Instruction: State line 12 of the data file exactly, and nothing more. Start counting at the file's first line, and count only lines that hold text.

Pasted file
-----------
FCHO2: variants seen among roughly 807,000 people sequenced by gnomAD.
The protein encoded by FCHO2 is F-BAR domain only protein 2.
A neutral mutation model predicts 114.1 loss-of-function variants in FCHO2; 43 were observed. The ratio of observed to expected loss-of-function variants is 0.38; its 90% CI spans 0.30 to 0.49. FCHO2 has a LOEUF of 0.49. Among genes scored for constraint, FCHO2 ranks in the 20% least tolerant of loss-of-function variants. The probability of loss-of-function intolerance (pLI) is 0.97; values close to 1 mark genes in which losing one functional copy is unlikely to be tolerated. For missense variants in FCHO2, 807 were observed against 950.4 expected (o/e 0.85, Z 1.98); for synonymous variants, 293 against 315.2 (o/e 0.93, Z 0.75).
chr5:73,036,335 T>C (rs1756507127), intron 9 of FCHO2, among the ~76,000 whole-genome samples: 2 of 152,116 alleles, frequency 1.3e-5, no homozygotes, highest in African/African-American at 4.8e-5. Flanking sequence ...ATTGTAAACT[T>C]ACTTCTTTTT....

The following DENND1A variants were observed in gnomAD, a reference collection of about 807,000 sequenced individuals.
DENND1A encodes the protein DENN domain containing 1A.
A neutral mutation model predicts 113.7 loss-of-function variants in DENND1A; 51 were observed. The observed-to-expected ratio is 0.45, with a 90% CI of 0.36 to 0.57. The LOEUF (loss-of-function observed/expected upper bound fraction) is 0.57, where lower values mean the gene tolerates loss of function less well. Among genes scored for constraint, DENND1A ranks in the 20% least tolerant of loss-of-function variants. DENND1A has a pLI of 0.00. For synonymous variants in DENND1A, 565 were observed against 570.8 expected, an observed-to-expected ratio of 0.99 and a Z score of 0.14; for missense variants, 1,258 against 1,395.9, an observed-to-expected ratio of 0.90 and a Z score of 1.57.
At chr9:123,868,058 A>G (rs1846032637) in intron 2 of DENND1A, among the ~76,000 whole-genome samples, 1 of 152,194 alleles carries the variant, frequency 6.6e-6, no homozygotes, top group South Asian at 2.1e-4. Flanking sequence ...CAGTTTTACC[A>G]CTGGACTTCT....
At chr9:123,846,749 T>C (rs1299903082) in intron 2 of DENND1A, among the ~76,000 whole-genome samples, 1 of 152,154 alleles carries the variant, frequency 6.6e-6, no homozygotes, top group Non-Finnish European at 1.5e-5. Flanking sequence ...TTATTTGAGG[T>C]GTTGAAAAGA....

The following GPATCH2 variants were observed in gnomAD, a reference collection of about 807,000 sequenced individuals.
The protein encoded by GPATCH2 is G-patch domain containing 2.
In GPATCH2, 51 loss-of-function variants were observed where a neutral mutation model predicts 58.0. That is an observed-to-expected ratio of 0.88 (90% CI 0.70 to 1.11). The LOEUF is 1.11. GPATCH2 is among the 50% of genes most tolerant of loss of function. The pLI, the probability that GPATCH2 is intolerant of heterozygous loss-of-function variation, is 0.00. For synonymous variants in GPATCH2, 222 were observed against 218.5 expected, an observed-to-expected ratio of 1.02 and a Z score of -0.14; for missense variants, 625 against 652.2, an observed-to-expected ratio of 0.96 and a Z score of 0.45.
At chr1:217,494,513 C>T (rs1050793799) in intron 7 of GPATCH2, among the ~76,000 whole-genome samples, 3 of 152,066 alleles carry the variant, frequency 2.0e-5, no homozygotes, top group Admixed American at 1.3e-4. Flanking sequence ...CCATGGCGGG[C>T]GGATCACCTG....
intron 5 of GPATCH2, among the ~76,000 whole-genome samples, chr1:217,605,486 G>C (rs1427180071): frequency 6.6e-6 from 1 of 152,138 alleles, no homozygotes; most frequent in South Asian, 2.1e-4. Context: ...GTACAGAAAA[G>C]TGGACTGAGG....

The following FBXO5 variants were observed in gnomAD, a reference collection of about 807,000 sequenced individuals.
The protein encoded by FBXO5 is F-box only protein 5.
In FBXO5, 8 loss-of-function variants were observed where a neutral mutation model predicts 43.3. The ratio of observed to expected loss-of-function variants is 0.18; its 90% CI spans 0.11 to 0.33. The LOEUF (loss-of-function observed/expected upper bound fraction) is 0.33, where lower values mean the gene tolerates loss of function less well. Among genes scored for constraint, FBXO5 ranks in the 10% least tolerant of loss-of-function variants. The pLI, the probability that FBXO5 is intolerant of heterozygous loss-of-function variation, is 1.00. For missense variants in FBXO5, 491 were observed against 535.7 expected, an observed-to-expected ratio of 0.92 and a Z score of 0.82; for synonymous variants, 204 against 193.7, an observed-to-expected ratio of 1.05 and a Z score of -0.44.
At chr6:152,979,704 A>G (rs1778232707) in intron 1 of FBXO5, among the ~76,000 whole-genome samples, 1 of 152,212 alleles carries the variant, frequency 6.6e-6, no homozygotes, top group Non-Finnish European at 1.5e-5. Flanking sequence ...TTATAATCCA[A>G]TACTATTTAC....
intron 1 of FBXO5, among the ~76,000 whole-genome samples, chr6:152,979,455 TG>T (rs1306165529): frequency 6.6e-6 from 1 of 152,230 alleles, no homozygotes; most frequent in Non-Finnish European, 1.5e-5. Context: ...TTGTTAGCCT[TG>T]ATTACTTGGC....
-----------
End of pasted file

In GPATCH2, 51 loss-of-function variants were observed where a neutral mutation model predicts 58.0. That is an observed-to-expected ratio of 0.88 (90% CI 0.70 to 1.11). The LOEUF is 1.11. GPATCH2 is among the 50% of genes most tolerant of loss of function. The pLI, the probability that GPATCH2 is intolerant of heterozygous loss-of-function variation, is 0.00. For synonymous variants in GPATCH2, 222 were observed against 218.5 expected, an observed-to-expected ratio of 1.02 and a Z score of -0.14; for missense variants, 625 against 652.2, an observed-to-expected ratio of 0.96 and a Z score of 0.45.